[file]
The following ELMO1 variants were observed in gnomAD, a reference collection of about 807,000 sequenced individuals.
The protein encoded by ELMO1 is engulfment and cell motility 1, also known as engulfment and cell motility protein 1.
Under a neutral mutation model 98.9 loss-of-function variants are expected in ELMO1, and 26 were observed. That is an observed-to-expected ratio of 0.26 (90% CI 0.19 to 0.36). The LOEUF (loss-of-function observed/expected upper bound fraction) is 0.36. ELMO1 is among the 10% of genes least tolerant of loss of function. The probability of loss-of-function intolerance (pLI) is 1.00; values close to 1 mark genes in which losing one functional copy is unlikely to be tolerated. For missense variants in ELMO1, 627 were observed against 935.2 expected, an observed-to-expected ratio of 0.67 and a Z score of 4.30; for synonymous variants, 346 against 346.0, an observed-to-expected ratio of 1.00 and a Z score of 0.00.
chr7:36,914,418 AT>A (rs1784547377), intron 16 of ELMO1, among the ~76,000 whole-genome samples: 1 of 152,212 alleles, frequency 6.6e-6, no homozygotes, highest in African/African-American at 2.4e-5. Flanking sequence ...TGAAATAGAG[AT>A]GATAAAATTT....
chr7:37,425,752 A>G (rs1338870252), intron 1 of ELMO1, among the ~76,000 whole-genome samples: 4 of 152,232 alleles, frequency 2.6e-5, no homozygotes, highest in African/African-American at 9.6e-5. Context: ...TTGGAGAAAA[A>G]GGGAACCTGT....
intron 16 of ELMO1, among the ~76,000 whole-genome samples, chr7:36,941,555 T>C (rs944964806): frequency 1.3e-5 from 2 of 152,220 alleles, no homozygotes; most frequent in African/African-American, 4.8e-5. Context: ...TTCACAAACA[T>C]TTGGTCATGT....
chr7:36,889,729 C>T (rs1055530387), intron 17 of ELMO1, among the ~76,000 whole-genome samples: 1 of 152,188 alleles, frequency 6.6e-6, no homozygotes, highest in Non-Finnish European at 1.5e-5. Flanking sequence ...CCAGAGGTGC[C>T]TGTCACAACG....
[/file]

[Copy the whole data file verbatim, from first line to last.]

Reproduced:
The following ELMO1 variants were observed in gnomAD, a reference collection of about 807,000 sequenced individuals.
The protein encoded by ELMO1 is engulfment and cell motility 1, also known as engulfment and cell motility protein 1.
Under a neutral mutation model 98.9 loss-of-function variants are expected in ELMO1, and 26 were observed. That is an observed-to-expected ratio of 0.26 (90% CI 0.19 to 0.36). The LOEUF (loss-of-function observed/expected upper bound fraction) is 0.36. ELMO1 is among the 10% of genes least tolerant of loss of function. The probability of loss-of-function intolerance (pLI) is 1.00; values close to 1 mark genes in which losing one functional copy is unlikely to be tolerated. For missense variants in ELMO1, 627 were observed against 935.2 expected, an observed-to-expected ratio of 0.67 and a Z score of 4.30; for synonymous variants, 346 against 346.0, an observed-to-expected ratio of 1.00 and a Z score of 0.00.
chr7:36,914,418 AT>A (rs1784547377), intron 16 of ELMO1, among the ~76,000 whole-genome samples: 1 of 152,212 alleles, frequency 6.6e-6, no homozygotes, highest in African/African-American at 2.4e-5. Flanking sequence ...TGAAATAGAG[AT>A]GATAAAATTT....
chr7:37,425,752 A>G (rs1338870252), intron 1 of ELMO1, among the ~76,000 whole-genome samples: 4 of 152,232 alleles, frequency 2.6e-5, no homozygotes, highest in African/African-American at 9.6e-5. Context: ...TTGGAGAAAA[A>G]GGGAACCTGT....
intron 16 of ELMO1, among the ~76,000 whole-genome samples, chr7:36,941,555 T>C (rs944964806): frequency 1.3e-5 from 2 of 152,220 alleles, no homozygotes; most frequent in African/African-American, 4.8e-5. Context: ...TTCACAAACA[T>C]TTGGTCATGT....
chr7:36,889,729 C>T (rs1055530387), intron 17 of ELMO1, among the ~76,000 whole-genome samples: 1 of 152,188 alleles, frequency 6.6e-6, no homozygotes, highest in Non-Finnish European at 1.5e-5. Flanking sequence ...CCAGAGGTGC[C>T]TGTCACAACG....